That being said, I don’t find that this is a drawback. Again, Bach used these elements, more just the basic structure of Christie’s novel, and tailored it for a horror film. Other horror elements and clichés were able to be woven in and out and, once more, suspense could come through. In the end, the film watchable and is certainly one worth watching every so often.
Better Characters, Same Formula
While kind of its own drawback, the fact that Bach even tried to give more life to the characters, is a huge plus. It also helps that because of his approach to the story, and some expected use of a well known horror formula, he had time to do this. Most other horror films would’ve just gone straight to the deaths and multiple attempts at trying to survive. But not here.
This film had tons of moments. The first 20 minutes, like with other films in general, was spent largely on getting to know the characters. I may not have cared too much about their names, but I enjoyed what was being given to me. I could see why they were friends or could easily just get along. This then simply allow for me to find them likable. What also helped was what I consider a genuine want to provide insight into who they are. Like with the beginning of the film, there were plenty of moments where the characters are just hanging out and doing what friends do in a situation like this. They are on some sort of outing after all. For instance, one character’s talking about what he’ll do after graduation. It’s not as easy as a decision as it should be, and so dramatic moments can exist. Then there’s another character who’s revealed to have had an abortion, and mysterious information hinting at this makes her uneasy. I’ll admit that none of these moments are terribly moving or would really give you a deep reason to care that a character “died”, but there was something that felt different about it all. Something that most other horror films never come even close to exploring.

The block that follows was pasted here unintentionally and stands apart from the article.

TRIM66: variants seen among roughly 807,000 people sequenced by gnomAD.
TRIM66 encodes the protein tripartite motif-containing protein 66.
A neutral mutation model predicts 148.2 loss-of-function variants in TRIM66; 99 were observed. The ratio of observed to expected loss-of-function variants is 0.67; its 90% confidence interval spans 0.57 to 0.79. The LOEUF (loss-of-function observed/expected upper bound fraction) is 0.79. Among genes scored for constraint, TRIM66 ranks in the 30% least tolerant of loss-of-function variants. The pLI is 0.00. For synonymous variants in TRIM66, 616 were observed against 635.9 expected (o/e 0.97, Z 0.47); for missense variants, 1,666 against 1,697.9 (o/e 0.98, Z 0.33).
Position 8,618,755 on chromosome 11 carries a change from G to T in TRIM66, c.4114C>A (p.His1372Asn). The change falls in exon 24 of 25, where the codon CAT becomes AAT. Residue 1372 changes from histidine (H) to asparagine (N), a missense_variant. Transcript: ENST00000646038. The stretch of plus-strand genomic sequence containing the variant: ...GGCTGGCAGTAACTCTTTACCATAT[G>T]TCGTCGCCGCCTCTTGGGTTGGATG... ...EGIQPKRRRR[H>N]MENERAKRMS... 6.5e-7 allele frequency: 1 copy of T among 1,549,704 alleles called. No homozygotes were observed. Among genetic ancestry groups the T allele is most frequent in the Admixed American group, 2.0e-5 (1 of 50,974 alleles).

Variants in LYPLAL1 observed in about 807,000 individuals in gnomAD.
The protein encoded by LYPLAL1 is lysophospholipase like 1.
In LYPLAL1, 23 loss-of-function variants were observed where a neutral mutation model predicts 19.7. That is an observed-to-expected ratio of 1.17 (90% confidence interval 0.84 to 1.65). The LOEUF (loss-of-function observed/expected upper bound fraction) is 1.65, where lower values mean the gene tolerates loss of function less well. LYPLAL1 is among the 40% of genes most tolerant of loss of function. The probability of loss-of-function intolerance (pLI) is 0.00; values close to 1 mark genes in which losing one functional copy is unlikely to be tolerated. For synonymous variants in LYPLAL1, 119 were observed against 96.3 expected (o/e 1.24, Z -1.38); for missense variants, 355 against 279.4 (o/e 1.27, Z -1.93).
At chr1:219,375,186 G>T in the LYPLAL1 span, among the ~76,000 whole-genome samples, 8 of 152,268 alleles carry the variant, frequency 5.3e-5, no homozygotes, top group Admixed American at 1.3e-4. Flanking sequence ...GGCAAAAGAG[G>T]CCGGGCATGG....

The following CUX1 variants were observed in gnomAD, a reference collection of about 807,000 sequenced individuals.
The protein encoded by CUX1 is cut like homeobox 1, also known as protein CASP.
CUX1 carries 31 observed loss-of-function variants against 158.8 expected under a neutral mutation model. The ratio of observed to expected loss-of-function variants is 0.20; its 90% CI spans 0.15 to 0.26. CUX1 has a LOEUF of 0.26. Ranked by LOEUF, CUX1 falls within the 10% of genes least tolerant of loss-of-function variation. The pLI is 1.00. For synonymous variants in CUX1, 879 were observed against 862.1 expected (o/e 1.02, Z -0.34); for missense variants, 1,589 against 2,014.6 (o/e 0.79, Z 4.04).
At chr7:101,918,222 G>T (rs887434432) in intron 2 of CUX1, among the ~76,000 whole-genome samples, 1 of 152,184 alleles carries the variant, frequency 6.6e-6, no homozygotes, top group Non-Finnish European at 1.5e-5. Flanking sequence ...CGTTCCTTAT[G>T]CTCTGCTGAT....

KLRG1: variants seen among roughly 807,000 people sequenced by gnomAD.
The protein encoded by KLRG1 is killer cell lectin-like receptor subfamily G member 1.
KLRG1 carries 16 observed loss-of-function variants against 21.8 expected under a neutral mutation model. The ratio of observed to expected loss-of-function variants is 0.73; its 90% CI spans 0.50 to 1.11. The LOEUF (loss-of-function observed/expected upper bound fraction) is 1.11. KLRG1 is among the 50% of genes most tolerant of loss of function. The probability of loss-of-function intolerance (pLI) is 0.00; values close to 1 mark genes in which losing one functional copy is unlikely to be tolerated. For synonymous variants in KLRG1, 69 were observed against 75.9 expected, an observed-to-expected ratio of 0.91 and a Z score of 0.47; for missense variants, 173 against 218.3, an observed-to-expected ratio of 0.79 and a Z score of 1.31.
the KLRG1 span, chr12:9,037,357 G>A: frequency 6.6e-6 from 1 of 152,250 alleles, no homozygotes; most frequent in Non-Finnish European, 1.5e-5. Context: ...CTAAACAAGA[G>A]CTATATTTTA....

After this, it’s business as usual. Fortunately, as I’ve stated before, this film’s story made it okay for the rest of the film to unspool in a typical fashion. The slow build up and happier moments with characters are had, followed by a slow but inevitable descent into complete chaos and terror. We get there by way of “dead” characters and bad decision making. Apparently these college kids don’t all know you shouldn’t wander off by yourself. Fortunately, which is something you don’t really see in this preemptive way, the characters took steps to try and protect themselves until help could arrive. Completely and utterly refreshing. I’m also thinking now of a line that Amy Steel’s Kit says. She says to Ken Olandt, “Rob, don’t go in there.” She’s one of the smartest characters in a slasher, even if for only a moment and really only once. I’ll take that over most other characters just running around and getting lucky.
Originally Released: March 28, 1986
Director: Fred Walton
Writer: Danilo Bach
Starring: Jay Baker, Deborah Foreman, Deborah Goodrich, Ken Olandt, Griffin O’Neil, Leah King Pinsent, Clayton Rohner, Amy Steel and Thomas F. Wilson